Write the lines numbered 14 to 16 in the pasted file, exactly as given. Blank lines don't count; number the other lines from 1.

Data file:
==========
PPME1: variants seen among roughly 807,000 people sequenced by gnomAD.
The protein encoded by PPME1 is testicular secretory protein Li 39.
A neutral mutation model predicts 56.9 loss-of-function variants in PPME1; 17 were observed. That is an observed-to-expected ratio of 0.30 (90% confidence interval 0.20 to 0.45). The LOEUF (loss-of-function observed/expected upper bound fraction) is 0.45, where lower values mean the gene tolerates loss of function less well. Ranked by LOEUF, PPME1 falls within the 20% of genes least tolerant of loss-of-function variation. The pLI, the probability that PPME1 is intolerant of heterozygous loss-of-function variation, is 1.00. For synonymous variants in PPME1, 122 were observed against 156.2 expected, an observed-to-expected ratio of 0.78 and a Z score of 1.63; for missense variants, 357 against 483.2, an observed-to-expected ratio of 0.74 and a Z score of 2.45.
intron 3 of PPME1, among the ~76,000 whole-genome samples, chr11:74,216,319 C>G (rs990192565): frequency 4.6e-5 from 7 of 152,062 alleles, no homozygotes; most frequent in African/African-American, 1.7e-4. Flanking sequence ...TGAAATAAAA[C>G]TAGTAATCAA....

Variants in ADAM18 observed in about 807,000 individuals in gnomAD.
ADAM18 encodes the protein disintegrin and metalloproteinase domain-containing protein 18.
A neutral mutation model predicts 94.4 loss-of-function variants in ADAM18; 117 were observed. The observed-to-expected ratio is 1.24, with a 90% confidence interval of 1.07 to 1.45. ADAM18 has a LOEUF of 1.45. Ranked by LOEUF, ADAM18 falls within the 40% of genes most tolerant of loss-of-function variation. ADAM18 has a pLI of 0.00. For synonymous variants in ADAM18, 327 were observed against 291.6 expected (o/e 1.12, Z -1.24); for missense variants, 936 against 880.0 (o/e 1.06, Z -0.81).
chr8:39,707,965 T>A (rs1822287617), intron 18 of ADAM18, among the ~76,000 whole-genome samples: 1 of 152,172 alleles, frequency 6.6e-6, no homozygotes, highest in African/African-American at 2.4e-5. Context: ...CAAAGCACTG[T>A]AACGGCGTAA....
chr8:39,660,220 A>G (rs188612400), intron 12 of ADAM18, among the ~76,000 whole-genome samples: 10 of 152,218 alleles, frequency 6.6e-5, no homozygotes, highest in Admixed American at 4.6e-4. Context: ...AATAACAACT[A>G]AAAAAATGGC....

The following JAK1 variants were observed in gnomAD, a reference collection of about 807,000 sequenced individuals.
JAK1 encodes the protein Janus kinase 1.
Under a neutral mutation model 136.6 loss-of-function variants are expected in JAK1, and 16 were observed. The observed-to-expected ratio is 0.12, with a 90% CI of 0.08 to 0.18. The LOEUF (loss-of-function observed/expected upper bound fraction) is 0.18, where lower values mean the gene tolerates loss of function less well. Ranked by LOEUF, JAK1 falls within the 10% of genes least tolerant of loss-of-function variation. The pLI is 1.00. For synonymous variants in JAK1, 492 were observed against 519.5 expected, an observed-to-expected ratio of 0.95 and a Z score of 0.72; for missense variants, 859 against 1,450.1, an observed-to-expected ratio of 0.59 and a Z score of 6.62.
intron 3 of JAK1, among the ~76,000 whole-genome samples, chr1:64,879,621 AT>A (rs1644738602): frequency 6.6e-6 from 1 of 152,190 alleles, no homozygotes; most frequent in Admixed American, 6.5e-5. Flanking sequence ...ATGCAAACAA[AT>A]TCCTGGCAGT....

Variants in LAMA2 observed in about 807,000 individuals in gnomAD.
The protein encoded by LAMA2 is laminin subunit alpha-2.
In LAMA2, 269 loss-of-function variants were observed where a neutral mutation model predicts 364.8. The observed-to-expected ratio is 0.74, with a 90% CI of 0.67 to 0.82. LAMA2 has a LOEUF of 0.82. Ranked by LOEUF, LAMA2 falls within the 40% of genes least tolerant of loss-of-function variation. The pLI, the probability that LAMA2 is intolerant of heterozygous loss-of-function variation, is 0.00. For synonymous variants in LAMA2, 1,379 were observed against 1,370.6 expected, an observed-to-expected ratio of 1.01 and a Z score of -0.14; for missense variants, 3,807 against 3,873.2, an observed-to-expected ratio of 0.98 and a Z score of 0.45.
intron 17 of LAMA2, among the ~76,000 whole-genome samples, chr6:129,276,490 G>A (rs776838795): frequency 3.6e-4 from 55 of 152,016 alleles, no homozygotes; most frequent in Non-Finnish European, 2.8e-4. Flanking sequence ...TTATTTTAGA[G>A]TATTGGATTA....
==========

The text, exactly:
Variants in LAMA2 observed in about 807,000 individuals in gnomAD.
The protein encoded by LAMA2 is laminin subunit alpha-2.
In LAMA2, 269 loss-of-function variants were observed where a neutral mutation model predicts 364.8. The observed-to-expected ratio is 0.74, with a 90% CI of 0.67 to 0.82. LAMA2 has a LOEUF of 0.82. Ranked by LOEUF, LAMA2 falls within the 40% of genes least tolerant of loss-of-function variation. The pLI, the probability that LAMA2 is intolerant of heterozygous loss-of-function variation, is 0.00. For synonymous variants in LAMA2, 1,379 were observed against 1,370.6 expected, an observed-to-expected ratio of 1.01 and a Z score of -0.14; for missense variants, 3,807 against 3,873.2, an observed-to-expected ratio of 0.98 and a Z score of 0.45.